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Feb 24, 2015

Workshop on Preserving Antiquities Opens

In Belize, there are Mayan, colonial and modern artifacts from different cultures that are kept under lock and key to preserve the tangible work of art. Since Monday, representatives from National Institute of Culture and History, the Institute of Archeology, the Museum of Belize as well as persons from private museums, library and archives are participating in a workshop that looks at keeping Belize’s collection of antiquities secure for future generations. The workshop is providing the stakeholders with the proper techniques on how to preserve collections. The workshop is being spearheaded through a partnership between the Museum of Belize and the Science Museum of Minnesota.

 

Sherilyn Jones, Director, Museum of Belize & Houses of Culture

“The Museum of Belize entered this loan agreement with the Science Museum of Minnesota where they borrowed a hundred and seventy items from our collection and it was during that process that some of the challenges in working with the collection that we recognized that there was something lacking in the way we were doing things. While they were wrong, there weren’t exactly correct. And so through that partnership we worked on developing something very basic that can teach the museum staff as well as other partners who help to preserve our culture with the tools that’s needed to take care of these collections for future generations.”

 

Rebecca Newberry

Rebecca Newberry, Conservator, Science Museum of Minnesota

“One of the biggest challenges in Belize is the heat and the humidity and also just the lack of resources. And any museum will tell you they have a lack of resources so it doesn’t matter what museum you ask…we need more. So definitely there are challenges in the storage environment at different institutions and there is challenge in the storage materials and the storage furniture. So what we are really trying to do is find practical and affordable ways to improve the storage. What we are doing right now is we are using pieces from the Museum of Belize that are stored in plastic bins, which is nice because it keeps the dust off and water off if the roof should leak and that sort of thing. And then in the plastic bins everything is wrapped up and stored in. So what we are doing is that we are making mounts for those objects to put back into the bins so that they can be visible and they can be removed easily.”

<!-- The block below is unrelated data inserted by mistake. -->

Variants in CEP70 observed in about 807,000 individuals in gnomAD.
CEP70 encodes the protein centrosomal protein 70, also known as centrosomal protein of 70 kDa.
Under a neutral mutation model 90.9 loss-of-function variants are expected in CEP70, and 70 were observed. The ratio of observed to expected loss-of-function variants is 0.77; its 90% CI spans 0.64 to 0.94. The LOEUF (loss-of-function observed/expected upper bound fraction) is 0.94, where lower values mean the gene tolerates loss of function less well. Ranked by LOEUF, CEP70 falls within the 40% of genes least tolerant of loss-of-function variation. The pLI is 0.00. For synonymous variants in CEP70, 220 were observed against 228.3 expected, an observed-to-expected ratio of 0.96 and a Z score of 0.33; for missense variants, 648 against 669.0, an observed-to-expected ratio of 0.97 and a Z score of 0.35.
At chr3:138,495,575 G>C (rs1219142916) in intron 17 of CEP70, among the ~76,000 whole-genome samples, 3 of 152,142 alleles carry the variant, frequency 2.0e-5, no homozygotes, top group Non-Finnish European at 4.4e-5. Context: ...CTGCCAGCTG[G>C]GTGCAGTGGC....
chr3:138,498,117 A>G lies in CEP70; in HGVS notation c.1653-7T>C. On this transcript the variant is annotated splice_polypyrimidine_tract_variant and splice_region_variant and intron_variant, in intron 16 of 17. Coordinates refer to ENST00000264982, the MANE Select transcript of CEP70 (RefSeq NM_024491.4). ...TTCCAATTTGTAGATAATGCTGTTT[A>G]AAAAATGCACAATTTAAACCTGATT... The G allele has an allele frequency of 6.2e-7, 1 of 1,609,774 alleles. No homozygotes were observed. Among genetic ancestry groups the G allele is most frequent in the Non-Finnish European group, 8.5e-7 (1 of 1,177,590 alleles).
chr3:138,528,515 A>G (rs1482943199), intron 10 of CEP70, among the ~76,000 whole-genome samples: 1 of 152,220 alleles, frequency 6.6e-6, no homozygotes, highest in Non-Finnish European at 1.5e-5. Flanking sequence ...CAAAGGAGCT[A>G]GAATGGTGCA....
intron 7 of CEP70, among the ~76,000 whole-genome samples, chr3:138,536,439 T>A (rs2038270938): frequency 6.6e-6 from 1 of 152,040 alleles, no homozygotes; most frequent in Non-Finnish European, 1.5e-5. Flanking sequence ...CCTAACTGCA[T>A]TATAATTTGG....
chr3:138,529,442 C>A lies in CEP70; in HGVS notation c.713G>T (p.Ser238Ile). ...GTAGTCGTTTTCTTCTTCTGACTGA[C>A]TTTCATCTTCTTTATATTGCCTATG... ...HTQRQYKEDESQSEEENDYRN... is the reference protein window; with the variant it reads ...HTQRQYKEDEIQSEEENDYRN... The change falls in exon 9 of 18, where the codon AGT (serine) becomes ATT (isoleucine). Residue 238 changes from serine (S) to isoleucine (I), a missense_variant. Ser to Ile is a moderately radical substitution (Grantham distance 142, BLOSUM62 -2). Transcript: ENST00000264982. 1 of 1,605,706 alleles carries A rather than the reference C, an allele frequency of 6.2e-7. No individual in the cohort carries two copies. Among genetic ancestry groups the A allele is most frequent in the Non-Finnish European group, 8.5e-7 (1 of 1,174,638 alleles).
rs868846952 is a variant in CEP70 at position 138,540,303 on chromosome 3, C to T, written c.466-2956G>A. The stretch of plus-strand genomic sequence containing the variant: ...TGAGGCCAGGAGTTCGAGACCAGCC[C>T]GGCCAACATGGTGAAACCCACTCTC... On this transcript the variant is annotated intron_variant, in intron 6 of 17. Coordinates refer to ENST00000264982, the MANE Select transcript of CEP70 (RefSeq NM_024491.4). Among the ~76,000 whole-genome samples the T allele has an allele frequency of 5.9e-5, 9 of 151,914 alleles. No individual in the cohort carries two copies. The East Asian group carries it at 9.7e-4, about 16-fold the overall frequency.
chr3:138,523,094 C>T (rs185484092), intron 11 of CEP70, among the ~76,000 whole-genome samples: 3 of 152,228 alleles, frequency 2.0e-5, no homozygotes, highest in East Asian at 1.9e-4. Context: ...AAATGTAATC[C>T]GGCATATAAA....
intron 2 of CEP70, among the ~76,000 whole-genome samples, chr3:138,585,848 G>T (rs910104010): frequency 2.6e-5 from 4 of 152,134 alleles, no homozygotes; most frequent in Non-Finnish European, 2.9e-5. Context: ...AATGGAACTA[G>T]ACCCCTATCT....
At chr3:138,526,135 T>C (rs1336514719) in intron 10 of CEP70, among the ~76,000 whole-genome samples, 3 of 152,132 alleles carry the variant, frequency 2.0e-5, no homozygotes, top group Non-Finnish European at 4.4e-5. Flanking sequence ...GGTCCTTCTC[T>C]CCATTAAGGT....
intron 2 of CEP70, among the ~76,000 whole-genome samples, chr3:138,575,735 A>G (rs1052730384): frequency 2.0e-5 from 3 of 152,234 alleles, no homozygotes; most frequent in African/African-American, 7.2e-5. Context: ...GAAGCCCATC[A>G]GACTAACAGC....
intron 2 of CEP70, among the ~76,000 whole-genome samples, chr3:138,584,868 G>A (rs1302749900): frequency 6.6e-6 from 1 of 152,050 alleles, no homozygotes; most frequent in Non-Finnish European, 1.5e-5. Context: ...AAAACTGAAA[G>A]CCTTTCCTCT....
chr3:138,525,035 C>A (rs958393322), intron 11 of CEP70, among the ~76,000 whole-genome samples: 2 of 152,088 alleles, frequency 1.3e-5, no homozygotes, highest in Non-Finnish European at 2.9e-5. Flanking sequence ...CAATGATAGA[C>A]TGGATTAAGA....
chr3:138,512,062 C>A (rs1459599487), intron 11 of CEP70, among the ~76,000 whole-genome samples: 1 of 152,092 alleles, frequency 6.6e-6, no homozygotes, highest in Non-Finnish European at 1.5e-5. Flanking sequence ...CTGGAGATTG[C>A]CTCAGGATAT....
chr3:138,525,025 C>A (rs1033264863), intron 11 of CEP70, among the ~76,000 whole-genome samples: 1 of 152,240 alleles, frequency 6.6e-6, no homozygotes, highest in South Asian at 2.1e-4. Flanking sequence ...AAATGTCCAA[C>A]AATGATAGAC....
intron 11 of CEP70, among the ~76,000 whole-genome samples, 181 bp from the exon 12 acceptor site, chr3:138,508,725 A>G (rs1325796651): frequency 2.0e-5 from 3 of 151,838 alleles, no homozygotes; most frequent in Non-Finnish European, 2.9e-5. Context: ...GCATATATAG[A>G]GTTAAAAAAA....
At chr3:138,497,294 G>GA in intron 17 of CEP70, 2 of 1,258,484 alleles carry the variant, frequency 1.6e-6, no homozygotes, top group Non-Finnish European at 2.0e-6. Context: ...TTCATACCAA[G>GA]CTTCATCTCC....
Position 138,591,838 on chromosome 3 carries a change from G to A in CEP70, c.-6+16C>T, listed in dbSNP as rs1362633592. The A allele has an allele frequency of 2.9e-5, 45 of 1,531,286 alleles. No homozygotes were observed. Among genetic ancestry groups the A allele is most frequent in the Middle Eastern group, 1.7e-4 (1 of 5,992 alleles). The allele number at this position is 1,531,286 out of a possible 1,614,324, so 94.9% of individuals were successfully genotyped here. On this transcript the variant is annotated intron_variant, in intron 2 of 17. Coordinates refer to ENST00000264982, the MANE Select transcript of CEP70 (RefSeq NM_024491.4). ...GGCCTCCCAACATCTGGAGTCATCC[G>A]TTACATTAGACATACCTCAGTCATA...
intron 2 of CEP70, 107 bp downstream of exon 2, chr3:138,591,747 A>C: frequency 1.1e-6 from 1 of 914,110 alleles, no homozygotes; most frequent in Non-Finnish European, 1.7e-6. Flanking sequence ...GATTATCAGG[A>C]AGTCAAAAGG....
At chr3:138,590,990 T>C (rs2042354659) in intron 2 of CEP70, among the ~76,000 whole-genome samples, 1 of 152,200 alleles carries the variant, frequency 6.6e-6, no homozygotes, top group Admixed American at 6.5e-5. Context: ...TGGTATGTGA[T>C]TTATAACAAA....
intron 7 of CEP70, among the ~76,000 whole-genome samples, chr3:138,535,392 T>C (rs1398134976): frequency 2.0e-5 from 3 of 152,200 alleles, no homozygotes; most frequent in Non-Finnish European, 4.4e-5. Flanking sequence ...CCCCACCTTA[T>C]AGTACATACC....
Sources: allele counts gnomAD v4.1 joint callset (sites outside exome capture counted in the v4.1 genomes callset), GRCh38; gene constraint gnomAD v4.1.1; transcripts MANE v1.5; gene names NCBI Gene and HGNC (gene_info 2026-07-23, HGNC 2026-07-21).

Sherilyn Jones

Sherilyn Jones

“One of the main challenges is space and storage. We don’t have proper and adequate storage. Everything in the states that houses artifacts or objects of cultural importance is climate controlled. Our storage facilities as you know, air condition is not an everyday thing and so for storage facility, we don’t have any climate control, any air condition. We store stuffs in cardboard boxes and that in itself created mold and moisture. NICH recognizes the fact that we are at a critical stage where we need a storage facility and that is being addressed within this fiscal year. And then the next move is to of course slowly move out the objects that are presently stored in the so-called dungeon ad then put them in a safe storage. For the Houses of Culture, I am hoping that the tools they’ve learned and the techniques that they’ve learned they will take back to the Houses of Culture and incorporate it into storing our objects and even knowing how to clean our objects more professionally.”

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